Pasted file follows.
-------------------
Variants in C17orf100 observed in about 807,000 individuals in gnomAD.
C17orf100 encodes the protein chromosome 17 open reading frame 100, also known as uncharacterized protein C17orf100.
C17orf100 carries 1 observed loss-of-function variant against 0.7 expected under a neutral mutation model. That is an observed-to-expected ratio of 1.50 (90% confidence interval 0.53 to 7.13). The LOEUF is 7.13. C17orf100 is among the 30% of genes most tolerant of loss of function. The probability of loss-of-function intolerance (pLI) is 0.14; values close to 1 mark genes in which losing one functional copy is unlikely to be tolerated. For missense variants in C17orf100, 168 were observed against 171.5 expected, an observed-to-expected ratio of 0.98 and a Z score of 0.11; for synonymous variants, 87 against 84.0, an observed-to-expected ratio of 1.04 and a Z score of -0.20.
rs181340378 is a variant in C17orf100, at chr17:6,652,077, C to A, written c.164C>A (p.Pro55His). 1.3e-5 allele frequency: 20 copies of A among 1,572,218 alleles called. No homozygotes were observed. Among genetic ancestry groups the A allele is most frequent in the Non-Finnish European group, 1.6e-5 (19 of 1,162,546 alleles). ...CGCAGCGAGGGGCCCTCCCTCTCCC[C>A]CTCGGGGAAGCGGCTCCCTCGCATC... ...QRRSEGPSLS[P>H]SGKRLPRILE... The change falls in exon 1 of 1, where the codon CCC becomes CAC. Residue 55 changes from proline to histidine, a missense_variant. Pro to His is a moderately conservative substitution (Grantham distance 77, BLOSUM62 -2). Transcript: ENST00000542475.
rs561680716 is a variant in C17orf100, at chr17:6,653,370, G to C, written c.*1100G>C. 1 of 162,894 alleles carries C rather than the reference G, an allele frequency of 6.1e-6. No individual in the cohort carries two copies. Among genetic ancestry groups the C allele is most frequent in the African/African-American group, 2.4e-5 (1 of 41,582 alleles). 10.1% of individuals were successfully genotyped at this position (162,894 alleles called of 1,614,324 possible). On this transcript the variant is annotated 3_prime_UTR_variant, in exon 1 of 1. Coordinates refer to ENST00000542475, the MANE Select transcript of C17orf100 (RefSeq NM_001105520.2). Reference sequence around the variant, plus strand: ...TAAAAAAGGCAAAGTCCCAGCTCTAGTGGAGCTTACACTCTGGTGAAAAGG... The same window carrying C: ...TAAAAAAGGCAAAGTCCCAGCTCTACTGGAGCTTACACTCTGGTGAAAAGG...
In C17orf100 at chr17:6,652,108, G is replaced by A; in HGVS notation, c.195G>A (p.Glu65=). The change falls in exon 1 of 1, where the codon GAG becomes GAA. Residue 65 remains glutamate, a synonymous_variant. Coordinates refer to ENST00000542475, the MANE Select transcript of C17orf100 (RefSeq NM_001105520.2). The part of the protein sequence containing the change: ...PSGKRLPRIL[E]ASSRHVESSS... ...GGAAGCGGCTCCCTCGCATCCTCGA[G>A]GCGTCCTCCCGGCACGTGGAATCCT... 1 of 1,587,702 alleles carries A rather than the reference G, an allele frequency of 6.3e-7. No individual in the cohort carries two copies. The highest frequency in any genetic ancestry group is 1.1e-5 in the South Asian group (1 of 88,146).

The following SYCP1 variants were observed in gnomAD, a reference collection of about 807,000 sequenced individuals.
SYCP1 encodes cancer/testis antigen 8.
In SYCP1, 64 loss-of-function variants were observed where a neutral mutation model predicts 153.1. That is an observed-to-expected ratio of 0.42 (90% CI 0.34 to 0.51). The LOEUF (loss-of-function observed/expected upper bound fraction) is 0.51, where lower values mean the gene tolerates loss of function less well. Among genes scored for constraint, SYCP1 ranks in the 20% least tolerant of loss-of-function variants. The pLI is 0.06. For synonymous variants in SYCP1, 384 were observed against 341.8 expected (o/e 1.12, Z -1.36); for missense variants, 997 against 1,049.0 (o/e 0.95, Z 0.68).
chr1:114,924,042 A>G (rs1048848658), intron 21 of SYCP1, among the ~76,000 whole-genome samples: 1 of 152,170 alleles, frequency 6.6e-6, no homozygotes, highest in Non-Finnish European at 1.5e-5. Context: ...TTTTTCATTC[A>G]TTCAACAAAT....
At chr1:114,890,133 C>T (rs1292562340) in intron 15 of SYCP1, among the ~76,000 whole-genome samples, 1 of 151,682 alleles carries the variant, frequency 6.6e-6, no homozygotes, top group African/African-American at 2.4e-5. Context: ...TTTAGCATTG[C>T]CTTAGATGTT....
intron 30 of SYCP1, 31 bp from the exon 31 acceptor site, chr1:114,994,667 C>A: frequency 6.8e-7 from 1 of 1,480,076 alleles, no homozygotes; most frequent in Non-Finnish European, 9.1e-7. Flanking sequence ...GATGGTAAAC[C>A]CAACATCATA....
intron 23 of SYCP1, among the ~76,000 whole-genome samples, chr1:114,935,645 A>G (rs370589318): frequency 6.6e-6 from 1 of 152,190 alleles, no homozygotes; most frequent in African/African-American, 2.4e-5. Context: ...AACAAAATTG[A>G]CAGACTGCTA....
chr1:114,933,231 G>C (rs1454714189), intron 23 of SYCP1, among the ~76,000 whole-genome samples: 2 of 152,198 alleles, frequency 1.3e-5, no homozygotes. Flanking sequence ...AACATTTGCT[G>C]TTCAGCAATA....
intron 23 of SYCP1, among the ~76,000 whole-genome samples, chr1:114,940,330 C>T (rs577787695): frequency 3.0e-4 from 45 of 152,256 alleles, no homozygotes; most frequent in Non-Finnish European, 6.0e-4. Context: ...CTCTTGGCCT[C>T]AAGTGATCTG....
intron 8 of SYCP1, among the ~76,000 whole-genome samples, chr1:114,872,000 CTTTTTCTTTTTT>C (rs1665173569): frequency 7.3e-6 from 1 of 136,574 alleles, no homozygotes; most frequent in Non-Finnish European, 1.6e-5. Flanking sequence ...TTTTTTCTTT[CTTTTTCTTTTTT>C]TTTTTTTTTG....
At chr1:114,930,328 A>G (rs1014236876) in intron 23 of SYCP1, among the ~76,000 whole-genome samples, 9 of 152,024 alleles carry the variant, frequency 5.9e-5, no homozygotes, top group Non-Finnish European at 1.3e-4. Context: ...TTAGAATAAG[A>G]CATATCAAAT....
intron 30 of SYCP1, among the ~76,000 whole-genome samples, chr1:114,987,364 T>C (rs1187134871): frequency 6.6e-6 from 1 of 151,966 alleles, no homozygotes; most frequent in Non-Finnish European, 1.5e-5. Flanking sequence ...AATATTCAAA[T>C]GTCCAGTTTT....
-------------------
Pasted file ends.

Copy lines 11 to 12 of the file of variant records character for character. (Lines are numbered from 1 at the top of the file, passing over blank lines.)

At chr1:114,890,133 C>T (rs1292562340) in intron 15 of SYCP1, among the ~76,000 whole-genome samples, 1 of 151,682 alleles carries the variant, frequency 6.6e-6, no homozygotes, top group African/African-American at 2.4e-5. Context: ...TTTAGCATTG[C>T]CTTAGATGTT....
intron 30 of SYCP1, 31 bp from the exon 31 acceptor site, chr1:114,994,667 C>A: frequency 6.8e-7 from 1 of 1,480,076 alleles, no homozygotes; most frequent in Non-Finnish European, 9.1e-7. Flanking sequence ...GATGGTAAAC[C>A]CAACATCATA....